I didn’t see Wonder Woman in an all-female screening. In fact, I was with Keets, and we were sitting near at least two groups of men who had come with no women at all. Which was a good thing, from my perspective; it’s nice to live in a city where people’s appetite for cliché-ridden action movies seems to depend more on their quality than the gender of the top-billed actor.

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Links We Loved This Week — 4/28/17

The internet is super excited about Hulu’s new adaptation of The Handmaid’s Tale (as are we, and not just because Rory is in it, we swear).

We missed this when it first came out a couple weeks ago: Brian Edwards penned a nuanced exploration of Homeland‘s attempts this season to interrogate and perhaps undo the Orientalism it hath already wrought, and the “double bind” it faces by still needing to play on our suspense and anxieties. Very worth reading. (at the LA Review of Books)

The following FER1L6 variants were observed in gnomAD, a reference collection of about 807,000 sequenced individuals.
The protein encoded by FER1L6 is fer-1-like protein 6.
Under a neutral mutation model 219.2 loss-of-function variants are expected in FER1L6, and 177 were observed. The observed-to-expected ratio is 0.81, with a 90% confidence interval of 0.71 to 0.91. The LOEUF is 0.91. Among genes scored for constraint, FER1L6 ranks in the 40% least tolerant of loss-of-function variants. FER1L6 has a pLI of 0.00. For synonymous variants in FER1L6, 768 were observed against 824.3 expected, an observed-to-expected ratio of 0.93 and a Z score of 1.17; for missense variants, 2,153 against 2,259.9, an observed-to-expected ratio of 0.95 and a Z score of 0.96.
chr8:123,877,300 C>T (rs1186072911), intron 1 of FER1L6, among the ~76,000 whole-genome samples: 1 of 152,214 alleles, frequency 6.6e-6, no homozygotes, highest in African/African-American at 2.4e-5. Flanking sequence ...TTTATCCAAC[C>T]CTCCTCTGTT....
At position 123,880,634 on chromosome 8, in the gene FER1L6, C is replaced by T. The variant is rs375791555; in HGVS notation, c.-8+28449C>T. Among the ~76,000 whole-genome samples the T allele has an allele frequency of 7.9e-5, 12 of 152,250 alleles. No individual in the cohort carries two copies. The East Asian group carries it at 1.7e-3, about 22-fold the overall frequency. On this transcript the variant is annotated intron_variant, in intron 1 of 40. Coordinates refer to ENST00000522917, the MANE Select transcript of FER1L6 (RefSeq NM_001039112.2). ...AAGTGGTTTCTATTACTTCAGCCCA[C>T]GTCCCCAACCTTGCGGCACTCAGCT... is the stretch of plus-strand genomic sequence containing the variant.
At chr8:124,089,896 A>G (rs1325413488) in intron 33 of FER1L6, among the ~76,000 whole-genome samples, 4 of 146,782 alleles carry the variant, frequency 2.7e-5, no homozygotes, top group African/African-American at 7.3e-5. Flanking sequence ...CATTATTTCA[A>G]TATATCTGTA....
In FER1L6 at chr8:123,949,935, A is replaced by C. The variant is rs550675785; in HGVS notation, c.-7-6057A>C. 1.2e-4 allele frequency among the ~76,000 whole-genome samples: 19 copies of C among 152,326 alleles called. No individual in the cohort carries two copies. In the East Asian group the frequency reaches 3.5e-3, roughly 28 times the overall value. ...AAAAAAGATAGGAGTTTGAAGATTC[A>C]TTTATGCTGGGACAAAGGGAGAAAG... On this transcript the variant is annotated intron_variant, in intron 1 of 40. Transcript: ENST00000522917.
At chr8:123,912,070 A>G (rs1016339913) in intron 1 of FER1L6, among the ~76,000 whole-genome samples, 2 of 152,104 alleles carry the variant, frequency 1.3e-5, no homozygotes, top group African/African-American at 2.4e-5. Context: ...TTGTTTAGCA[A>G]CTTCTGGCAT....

The SCP Foundation just wrapped its contest for writing SCP-3000. If you haven’t come across the Foundation before in your Internet itinerations, you can think of it as a collaboratively-written X-Files—the contest is a particularly interesting way to see how something like that comes together.

Previously.tv summarizes season 1 of ER in one headline per episode. There are many gems, but my favorite is “Oh My God We Get It Jen And Mark Like To Fuck (Not That The Interminable “Ma Benton Needs To Go In A Home” Arc That Starts Here Is Much Of An Improvement).”